Harvest at the Farm


The woods are glowing with the colors of autumn and harvest is in full swing at Phoenix Farm.  Even with two months of extreme drought in mid-summer, no rainfall at all, the plants have provided us with a bounty.  The apple and pear harvest began in August.  Bartlett pears are bountiful, juicy and delicious.  All our produce is organic so please overlook the less than perfect appearance of the fruit.  We do not apply any spray to the trees.  We get fruit naturally, the way it was intended.  h7
Our first heavy frost was two days ago. The afternoon before, I harvested all my red bell peppers. The plants did very well in the partial shade of the corn, providing me with some monster-sized vegetables. The total harvest included two more peppers, already enjoyed.h4h5

The pumpkin and squash harvest is almost complete.  Just a few gourds left to pick.  We got plenty of nice pumpkins for Halloween and acorn squash for winter keeping.h1

For the fisrt time in several years we had a grape harvest! Perhaps the dry weather encouraged the grapes. The three varieties we grow are represented, purple, red and white. Last evening I processed these grapes and got enough juice to make two recipes of grape jelly. Yum!h3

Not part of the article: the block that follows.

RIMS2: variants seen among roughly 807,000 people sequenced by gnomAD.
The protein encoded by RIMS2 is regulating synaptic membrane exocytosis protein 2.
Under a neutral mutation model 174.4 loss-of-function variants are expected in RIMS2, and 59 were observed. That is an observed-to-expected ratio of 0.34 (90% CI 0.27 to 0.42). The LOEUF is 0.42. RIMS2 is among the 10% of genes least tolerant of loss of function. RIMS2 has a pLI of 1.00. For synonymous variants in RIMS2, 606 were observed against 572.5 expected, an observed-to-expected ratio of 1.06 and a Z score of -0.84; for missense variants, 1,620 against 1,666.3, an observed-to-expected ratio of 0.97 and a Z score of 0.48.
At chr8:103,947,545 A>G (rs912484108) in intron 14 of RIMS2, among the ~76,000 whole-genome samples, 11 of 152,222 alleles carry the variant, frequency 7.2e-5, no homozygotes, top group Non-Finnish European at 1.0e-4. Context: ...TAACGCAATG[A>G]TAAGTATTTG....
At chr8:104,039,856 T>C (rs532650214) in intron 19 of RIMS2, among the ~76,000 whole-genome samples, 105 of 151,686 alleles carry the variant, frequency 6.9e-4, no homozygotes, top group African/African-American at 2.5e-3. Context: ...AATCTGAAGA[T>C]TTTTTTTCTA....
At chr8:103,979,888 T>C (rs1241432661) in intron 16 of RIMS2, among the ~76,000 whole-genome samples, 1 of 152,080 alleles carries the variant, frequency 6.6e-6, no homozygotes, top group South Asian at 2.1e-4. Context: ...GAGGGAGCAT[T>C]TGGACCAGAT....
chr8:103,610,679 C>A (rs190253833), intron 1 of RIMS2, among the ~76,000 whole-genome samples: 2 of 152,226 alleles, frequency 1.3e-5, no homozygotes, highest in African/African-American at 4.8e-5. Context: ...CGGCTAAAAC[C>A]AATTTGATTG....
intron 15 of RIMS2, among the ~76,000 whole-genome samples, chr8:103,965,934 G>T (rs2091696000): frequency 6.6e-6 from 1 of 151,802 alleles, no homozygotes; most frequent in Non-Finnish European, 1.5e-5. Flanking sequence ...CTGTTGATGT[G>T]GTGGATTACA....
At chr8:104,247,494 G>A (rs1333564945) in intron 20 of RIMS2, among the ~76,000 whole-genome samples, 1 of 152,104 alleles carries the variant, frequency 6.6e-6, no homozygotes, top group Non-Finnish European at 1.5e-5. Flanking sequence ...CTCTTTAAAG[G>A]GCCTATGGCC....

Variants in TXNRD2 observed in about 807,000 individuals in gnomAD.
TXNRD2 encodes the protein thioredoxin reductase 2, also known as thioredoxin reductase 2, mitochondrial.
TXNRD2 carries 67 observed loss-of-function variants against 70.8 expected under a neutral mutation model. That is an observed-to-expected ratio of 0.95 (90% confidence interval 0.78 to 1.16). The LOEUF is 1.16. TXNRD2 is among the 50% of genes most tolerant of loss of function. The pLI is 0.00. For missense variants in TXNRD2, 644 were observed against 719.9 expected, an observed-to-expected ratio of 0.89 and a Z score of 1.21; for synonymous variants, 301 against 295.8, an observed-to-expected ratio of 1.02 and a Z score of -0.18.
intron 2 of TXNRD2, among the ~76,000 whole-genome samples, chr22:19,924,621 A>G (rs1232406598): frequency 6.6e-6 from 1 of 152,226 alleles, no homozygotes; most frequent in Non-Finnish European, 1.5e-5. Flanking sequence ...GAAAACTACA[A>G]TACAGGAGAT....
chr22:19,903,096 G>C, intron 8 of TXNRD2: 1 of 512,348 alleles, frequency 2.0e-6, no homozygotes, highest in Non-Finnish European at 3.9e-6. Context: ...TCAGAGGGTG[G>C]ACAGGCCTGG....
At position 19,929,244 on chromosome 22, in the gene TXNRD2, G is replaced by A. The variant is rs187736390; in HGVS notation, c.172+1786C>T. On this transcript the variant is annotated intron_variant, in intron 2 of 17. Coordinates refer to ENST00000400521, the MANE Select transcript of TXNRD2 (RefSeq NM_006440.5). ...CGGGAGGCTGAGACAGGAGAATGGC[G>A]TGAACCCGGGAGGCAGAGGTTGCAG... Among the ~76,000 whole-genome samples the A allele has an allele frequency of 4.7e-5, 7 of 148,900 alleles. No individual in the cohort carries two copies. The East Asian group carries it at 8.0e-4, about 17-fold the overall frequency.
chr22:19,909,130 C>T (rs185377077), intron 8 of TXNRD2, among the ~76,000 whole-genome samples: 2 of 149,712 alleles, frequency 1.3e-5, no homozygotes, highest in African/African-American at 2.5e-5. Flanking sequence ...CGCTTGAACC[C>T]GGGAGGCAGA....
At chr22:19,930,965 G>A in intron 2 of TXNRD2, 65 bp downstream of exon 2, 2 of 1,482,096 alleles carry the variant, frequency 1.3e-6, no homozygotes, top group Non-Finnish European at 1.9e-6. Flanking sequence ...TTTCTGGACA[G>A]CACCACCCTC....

The indian corn is still ripening. A few ears were ready so I picked them before the birds could destroy my fall decorations. This year the birds are causing unusual damage to this crop. It may be the drought limited the availability of their normal wild seed food sources. Last week a flock of migrating grackles descended on the corn patch and I ran out arms flapping to scare them off.h2
The air is full of migrating flocks. Canada geese honk overhead, noisy grackles by the thousands pass through, gangs of robins alight on the lawns for a few minutes before rushing off south, and several flights of red-winged blackbirds stopped to rest at our pond this week.

The weather is still quite warm. To have so little frost this late in the season seems to be our new normal. I am hoping the warmth continues as it did last year right into December. The drought seriously hurt our hay harvest. We made only three-fourths of the bales needed to go through winter. If the horses can graze all November as they did last year, I won’t have to buy as much hay at the premium price resulting from drought scarcity.  I’m letting the beautiful leaves and warm, golden days distract me from the worries of hay shortage.h8


4 thoughts on “Harvest at the Farm

  1. You certainly grew some beautiful fruit and vegetables, even grapes! Those pears look lovely. That is a lovely display of pumpkins and corn. The farm looks so beautiful with all the coloured leaves.

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